Twitchell told police of $40 car purchase
Missing man’s car same model, colour
A red car Mark Twitchell said he bought from a stranger for $40 was the focus of testimony Thursday at his first-degree murder trial.
Det. Brian Murphy met Twitchell at a 7-Eleven store on the evening of October 19, 2008, to ask the aspiring filmmaker to provide a key for a garage at 57th Street and 40th Avenue that had become the centre of a missing person investigation, he testified.
During the conversation, Twitchell told Murphy he had “some important information.”
Twitchell then recounted a story about meeting a stranger who had tapped on his window in the Mill Woods neighbourhood and offered to sell him a car for $40, because his “sugar momma” was taking him to the Caribbean and would buy him a new car when he returned, Murphy told court.
The man was white, in his late 20s, wore a green windbreaker and had a tattoo of a Celtic knot on his neck, Twitchell said.
According to Murphy, Twitchell said he agreed to buy the car if the stranger would bring it to the Mill Woods garage where he had been filming a short horror movie. But the car — a red Mazda 3 — had a manual transmission, so Twitchell, who couldn’t use a stick shift, asked his friend Joss Hnatiuk to move the car to his parents’ house nearby.
“He was very, very open. He explained everything in great detail,” Murphy said about Twitchell’s tone during the conversation. “He seemed very calm and relaxed.”
Court has previously heard that the missing man, Johnny Altinger, drove a 2005 red Mazda 3.
The conversation between Murphy and Twitchell took place about 18 hours after Twitchell left the southwest division police station, where Det. Mike Tabler had first interviewed him. Twitchell made no mention of the car during the hourlong interview.
But Twitchell e-mailed Tabler shortly before meeting Murphy, relaying the same story about a red car he had purchased for $40. In the e-mail, he wrote that he had forgot to mention a few “odd occurrences” during their initial interview.
“Hi Mike. Listen last night when we were talking I was running on fumes and very tired so I missed a couple of things that come to mind this afternoon that may or may not be important to this case,” he wrote.
In the e-mail, Twitchell described being skeptical when the man offered to sell him the car.
“I’m thinking, ‘Yeah sure whatever, there’s probably two tons of cocaine in the trunk.’ But I heard him out, he was very convincing with a natural easy tone that didn’t seem made up to me,” he wrote.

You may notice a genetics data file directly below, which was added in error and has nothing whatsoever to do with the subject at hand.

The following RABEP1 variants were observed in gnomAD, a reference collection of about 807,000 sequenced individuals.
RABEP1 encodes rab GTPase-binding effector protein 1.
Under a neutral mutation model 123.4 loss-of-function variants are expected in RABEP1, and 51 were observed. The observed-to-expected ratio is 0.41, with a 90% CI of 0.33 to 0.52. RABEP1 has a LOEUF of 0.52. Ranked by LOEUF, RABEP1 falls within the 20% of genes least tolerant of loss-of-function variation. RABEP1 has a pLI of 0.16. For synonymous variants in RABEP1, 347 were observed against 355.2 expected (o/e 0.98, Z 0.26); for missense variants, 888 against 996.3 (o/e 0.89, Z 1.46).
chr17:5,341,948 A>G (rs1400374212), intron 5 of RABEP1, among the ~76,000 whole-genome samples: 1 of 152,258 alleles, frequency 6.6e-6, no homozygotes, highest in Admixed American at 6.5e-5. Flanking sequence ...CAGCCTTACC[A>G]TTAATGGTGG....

Twitchell is accused of luring Altinger to the Mill Woods garage by posing as a woman on an Internet dating site and killing him on Oct. 10, 2008.
Hantiuk, who moved the red car for his friend, testified that Twitchell had called him around 5 a.m. on Oct. 19, 2008, shortly after leaving his interview with Tabler.
“He said he was stressed out. He said that it was weird, stuff had been moved around (in the garage) and that the key didn’t work on the door,” Hnatiuk testified.
Hnatiuk had recently worked with Twitchell and a small film crew to make the horror movie, called House of Cards. According to Hnatiuk, Twitchell said police had asked him questions about a missing man and about when he had last been at the film location.
When Hnatiuk mentioned the car in that early-morning conversation, Twitchell seemed surprised.
“He said he’d forgotten about the car and that he must have just blanked.”
It was later that day that Twitchell spoke with Murphy and e-mailed Taber about the car.
Court heard that Twitchell’s story about the red car was relayed to investigators at downtown police headquarters. The investigators decided Twitchell should drive himself to headquarters for further questioning.
“I received information that severely raised my suspicions about Mark Twitchell,” Clark testified on Thursday about his decision to request another interview with the filmmaker.
A portion of the videotaped interview was shown in court. Twitchell appears relaxed in jeans and a track jacket, telling Clark in detail about a recent break-in to his Pontiac Grand Am and the purchase of the red Mazda for $40.
Clark questioned his decision to buy the car without a bill of sale.
“I mean, you get a bill of sale when you buy a house ... Come on, you’re not a young 16-year-old kid here. I mean that seems a little strange to me.”
Twitchell appeared to agree with Clark, then said: “It’s just ... optimism. Trying to hope for the best, I guess.”
Court is expected to view the remainder of the interview between Clark and Twitchell on Friday.